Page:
In addition to writing fiction, I've spent the last quarter century reading fiction for anthologies I've edited or co-edited. Pretty cool duty given my affection for the short story.
Occasionally I'll pick up an anthology I had a hand in and reread some of the stories. Most of them hold up pretty well. A few don't read quite as well as they did originally but even more interesting--a few of them are masterpieces I failed to recognize as such at the time.
Lawrence Block's "With a Smile For The Ending" was first published in 1966 and I've never had the opportunity to republish it. I know I must have read it. Block is one of a handful of writers I hold as idols. But I must have read it in the period after I leapt off the roof of a thirty-story building and landed on my head, thus temporarily damaging my fragile literary sensibilities. I liked it but I didn't l-o-v-e it.
But last night as I read it I realized how rich it is in character, how masterful it is in structure and how apt it is in its observations about life, literature and death.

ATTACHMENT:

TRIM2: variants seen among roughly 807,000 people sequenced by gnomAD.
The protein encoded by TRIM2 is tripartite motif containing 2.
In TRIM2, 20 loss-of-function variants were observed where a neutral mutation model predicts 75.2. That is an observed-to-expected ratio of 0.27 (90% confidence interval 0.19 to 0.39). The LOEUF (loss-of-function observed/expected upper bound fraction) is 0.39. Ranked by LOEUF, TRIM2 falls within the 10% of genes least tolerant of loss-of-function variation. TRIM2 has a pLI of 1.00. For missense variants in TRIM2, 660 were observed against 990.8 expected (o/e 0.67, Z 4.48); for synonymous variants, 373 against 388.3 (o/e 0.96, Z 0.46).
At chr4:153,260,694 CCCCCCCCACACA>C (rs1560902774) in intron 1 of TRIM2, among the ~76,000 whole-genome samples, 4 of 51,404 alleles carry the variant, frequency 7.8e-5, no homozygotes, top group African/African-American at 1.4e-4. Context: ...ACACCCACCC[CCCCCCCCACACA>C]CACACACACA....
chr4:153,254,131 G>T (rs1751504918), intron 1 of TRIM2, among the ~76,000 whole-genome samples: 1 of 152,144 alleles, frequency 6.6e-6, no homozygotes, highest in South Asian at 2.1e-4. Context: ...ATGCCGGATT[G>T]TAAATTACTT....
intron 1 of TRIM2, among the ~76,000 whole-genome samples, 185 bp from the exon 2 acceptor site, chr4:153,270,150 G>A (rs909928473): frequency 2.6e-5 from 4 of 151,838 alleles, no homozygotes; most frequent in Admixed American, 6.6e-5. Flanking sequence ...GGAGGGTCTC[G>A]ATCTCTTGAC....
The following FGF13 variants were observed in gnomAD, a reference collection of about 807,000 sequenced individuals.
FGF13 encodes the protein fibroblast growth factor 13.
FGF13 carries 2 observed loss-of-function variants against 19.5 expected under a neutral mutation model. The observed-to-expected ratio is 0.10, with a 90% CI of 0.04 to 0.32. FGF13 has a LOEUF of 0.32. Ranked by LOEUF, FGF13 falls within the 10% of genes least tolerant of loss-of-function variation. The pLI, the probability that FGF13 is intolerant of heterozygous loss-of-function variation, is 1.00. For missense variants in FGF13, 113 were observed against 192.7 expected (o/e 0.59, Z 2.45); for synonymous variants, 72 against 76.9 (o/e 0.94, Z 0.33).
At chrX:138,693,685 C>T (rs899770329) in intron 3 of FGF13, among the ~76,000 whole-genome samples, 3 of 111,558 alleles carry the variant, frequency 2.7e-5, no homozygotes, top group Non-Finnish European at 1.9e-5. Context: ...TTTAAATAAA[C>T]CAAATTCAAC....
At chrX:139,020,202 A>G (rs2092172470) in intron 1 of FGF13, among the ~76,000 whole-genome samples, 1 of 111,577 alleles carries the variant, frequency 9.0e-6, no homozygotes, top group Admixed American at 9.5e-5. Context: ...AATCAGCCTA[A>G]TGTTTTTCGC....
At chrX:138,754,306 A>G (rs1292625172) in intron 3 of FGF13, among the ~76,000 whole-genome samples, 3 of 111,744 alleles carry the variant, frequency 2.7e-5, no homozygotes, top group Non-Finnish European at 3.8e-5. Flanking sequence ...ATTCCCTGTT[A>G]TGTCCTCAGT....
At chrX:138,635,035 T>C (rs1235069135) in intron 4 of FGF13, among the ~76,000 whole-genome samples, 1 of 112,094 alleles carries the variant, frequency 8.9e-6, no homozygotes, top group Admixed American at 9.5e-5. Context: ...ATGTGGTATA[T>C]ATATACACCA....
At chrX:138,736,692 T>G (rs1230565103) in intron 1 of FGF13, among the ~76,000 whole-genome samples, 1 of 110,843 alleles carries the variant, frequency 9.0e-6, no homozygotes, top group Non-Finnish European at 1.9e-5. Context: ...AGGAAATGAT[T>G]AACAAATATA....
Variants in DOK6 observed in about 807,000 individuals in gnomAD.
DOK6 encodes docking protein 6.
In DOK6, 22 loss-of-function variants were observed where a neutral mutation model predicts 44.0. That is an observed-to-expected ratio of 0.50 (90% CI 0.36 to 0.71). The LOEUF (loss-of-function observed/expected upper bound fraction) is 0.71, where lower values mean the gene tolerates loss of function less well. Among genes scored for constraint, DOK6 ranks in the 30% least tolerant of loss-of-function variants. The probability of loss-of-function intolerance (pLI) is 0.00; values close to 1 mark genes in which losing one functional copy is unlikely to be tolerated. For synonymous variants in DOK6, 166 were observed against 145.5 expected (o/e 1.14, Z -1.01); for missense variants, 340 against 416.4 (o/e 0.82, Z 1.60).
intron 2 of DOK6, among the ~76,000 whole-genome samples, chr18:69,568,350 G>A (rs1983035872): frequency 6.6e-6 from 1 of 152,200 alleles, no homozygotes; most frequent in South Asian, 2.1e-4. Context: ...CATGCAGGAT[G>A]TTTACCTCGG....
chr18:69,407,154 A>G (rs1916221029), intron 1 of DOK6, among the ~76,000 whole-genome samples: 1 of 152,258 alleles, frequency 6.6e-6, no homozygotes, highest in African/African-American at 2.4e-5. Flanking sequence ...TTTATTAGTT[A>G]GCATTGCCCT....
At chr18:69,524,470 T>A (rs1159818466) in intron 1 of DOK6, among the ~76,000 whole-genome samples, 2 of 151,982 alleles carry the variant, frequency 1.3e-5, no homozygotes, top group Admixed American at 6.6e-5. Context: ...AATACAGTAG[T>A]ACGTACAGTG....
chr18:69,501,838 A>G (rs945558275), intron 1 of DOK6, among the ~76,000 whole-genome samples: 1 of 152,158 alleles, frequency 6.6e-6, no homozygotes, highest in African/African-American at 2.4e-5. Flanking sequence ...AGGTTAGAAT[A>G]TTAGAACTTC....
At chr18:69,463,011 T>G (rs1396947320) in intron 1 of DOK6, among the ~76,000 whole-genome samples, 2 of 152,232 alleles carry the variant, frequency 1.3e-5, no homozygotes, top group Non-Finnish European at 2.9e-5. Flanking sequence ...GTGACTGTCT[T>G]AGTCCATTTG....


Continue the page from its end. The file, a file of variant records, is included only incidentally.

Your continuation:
A young Irisher named Tim Riordan signs on as the work companion of dying novelist Joseph Cameron Bane. Riordan is thrilled with the job because he has long loved Banes' novels about life in this small town where Riordan now lives. The murder of a woman stirs Bane from his ongoing boozy stupor. These are the people he'd written about for decades (though he stopped writing some years ago) and he knows that somewhere in his town there is a murderer.
At this point Block cleverly sets up a Nero Wolfeian-Archie Goodwin situation. Riordan goes into town to dig up all the information he can on the men Bane has listed as suspects and Riordan then reports his facts and observations back to his employer. It is during these conversations that Block really shines. He's always struck me as particularly wise about the human condition and his wisdom is on full display here as Bane discusses what he sees as his failed literary life and his sensible if melancholy thoughts about death.
"With A Smile For An Ending" is Block ten years into his career. Everything is in place including the magnificent sentences and the stubborn need to look beyond the trite to the truth.